Watts Branch Creek Park Turns a New Leaf

“The reclamation of Watts Branch Creek Park is the largest Park reclamation in DC history.This effort has to be comprehensive, with all burners going. If you leave out schools, job training, advocacy, public safety, or transportation you are missing the boat. ”
Steve Coleman, Executive Director of Washington Parks and People

Over three years ago, a walk through Watts Branch Creek Park in Northeast Washington DC would have revealed scenes of abandoned cars and tires, mounds of bulk trash, thousands of syringes, and a site line completely obstructed by overgrown brush. In fact, Watts Branch Creek Park could have been mistaken as a trash dump.

So, when Washington Parks and People – an organization dedicated to reclaiming urban park space and best known for their reclamation of Meridian Hill Park in Columbia Heights – decided to take on Watts Branch Creek Park as a major reclamation project, they knew they had an immense amount of work ahead of them.

Initially, the community greeted WPP with skepticism and disbelief, and after years of false promises and abandonment, the reaction seems justified. “The community’s response was well placed,” says Steve Coleman Executive Director of WPP, “we found evidence of large dump piles sitting idle for over 18 years.”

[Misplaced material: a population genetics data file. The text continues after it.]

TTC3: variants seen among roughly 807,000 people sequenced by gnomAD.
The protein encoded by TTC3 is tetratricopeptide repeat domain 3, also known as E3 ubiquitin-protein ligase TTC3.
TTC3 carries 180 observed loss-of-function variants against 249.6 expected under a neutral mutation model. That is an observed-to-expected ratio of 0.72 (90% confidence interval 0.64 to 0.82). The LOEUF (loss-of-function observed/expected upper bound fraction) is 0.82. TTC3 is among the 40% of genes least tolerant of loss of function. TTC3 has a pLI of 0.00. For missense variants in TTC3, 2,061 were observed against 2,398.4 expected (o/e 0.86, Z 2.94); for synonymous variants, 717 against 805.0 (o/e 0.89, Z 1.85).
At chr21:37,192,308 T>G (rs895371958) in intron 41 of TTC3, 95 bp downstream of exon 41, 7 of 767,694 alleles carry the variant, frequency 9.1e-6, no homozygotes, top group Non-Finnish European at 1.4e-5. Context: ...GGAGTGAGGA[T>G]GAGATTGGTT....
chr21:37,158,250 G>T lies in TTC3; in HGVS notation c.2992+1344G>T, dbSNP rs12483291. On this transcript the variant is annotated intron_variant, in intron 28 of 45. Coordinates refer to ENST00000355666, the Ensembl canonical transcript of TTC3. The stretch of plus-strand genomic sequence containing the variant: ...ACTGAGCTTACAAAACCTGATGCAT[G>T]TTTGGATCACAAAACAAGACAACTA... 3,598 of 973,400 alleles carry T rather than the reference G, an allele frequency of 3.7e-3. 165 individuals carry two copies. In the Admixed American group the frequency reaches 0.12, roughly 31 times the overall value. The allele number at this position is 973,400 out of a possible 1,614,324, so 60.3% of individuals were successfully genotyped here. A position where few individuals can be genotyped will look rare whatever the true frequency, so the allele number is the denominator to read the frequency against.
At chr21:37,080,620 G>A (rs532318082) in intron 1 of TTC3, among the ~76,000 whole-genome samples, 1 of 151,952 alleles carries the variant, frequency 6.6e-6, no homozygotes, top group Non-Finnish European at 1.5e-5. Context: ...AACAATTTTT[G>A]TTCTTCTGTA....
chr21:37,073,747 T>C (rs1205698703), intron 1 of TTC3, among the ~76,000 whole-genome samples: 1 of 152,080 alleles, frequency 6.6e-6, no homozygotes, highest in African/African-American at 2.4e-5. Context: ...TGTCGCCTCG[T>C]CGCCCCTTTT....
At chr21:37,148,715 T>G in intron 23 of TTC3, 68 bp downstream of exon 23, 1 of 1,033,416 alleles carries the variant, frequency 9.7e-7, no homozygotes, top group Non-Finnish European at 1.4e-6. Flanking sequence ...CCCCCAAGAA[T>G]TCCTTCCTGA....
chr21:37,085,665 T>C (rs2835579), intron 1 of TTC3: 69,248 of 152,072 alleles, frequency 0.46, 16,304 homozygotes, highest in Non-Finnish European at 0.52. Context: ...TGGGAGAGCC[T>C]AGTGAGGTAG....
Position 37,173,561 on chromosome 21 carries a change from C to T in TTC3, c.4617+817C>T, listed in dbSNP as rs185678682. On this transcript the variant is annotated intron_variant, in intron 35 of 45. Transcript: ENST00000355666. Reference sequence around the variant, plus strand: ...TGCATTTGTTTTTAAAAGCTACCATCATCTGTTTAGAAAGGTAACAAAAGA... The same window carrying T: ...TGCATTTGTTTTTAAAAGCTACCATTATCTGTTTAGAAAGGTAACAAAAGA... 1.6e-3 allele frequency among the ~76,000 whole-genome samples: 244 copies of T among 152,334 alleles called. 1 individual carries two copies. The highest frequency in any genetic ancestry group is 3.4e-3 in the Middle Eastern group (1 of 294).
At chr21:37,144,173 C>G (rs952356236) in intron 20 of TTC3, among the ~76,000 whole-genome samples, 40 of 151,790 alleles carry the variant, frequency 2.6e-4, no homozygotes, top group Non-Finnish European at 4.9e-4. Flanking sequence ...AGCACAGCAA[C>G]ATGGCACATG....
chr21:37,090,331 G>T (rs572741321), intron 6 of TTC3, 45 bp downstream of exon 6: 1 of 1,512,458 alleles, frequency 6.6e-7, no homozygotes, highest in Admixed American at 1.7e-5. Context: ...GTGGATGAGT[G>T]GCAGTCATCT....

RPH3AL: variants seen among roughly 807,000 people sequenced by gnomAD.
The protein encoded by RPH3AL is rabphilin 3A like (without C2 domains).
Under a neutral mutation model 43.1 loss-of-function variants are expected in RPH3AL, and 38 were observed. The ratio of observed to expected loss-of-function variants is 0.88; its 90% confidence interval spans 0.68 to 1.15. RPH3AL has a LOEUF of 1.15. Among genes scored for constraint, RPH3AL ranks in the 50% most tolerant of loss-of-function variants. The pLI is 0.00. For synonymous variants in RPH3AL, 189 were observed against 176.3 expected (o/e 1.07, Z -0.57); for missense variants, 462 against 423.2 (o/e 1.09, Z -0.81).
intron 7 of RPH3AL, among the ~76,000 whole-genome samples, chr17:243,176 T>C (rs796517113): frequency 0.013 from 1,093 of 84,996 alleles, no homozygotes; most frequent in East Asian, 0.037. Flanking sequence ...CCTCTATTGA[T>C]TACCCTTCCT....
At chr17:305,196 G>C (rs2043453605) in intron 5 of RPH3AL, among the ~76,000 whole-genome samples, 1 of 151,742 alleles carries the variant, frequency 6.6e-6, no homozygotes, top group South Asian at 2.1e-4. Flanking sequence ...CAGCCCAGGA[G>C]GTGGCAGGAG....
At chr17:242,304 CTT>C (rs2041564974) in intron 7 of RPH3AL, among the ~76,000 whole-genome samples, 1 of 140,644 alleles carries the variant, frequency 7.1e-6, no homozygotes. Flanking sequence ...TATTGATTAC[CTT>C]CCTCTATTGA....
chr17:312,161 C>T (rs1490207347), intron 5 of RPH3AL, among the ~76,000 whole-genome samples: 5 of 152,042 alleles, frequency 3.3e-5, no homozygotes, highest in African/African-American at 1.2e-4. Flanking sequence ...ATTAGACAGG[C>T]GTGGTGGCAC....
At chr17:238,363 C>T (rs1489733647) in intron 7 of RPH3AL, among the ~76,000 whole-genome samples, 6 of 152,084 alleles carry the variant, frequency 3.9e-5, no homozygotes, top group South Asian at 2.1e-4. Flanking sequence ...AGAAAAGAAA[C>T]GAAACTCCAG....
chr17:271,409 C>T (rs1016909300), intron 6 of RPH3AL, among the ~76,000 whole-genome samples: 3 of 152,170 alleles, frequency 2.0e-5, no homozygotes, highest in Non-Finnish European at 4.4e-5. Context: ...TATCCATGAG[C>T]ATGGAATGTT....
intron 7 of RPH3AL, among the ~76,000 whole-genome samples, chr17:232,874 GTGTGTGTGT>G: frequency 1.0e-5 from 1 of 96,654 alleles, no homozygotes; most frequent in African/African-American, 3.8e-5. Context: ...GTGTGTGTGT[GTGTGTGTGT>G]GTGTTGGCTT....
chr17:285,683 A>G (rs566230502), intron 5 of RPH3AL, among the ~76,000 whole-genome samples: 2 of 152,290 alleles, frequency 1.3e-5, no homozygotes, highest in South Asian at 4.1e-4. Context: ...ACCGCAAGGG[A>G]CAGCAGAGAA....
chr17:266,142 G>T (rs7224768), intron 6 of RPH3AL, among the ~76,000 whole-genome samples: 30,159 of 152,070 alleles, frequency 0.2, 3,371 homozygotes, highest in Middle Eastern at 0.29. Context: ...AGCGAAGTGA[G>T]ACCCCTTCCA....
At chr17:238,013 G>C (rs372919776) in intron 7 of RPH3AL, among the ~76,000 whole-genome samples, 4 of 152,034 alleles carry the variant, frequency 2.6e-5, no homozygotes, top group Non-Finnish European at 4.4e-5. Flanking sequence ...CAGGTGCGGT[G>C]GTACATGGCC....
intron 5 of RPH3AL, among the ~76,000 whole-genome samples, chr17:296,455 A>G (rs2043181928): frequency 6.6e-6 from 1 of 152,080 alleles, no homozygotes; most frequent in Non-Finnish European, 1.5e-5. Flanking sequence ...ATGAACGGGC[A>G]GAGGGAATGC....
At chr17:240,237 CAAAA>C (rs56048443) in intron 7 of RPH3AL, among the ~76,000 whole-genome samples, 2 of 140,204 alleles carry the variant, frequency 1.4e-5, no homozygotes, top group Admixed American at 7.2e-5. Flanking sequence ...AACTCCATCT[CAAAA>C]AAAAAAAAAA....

To demonstrate their commitment, WPP leased two adjacent commercial buildings directly across from the park at the intersection of Division Avenue and Foote Street to serve as the base of operations for the reclamation effort.

This commitment became permanent in January 2004. Now called the Riverside Park Center, these two buildings were purchased with a $225,000 acquisition loan from LISC.

In just under three years, Washington Parks and People, along with their impressive troop of over 14,000 volunteers, have begun the transformation of Watts Branch Creek Park. Today children ride their bikes, where heroin dealers and drug users used to congregate. Park workers and volunteers offer warm greetings to park guests, and the first public native plant nursery is underway. Now even a
French chef performs cooking demonstrations at a local farmer’s market.

In the near future, WPP plans to offer additional programs using the Riverside Center as a springboard to spark the wider revitalization of the area.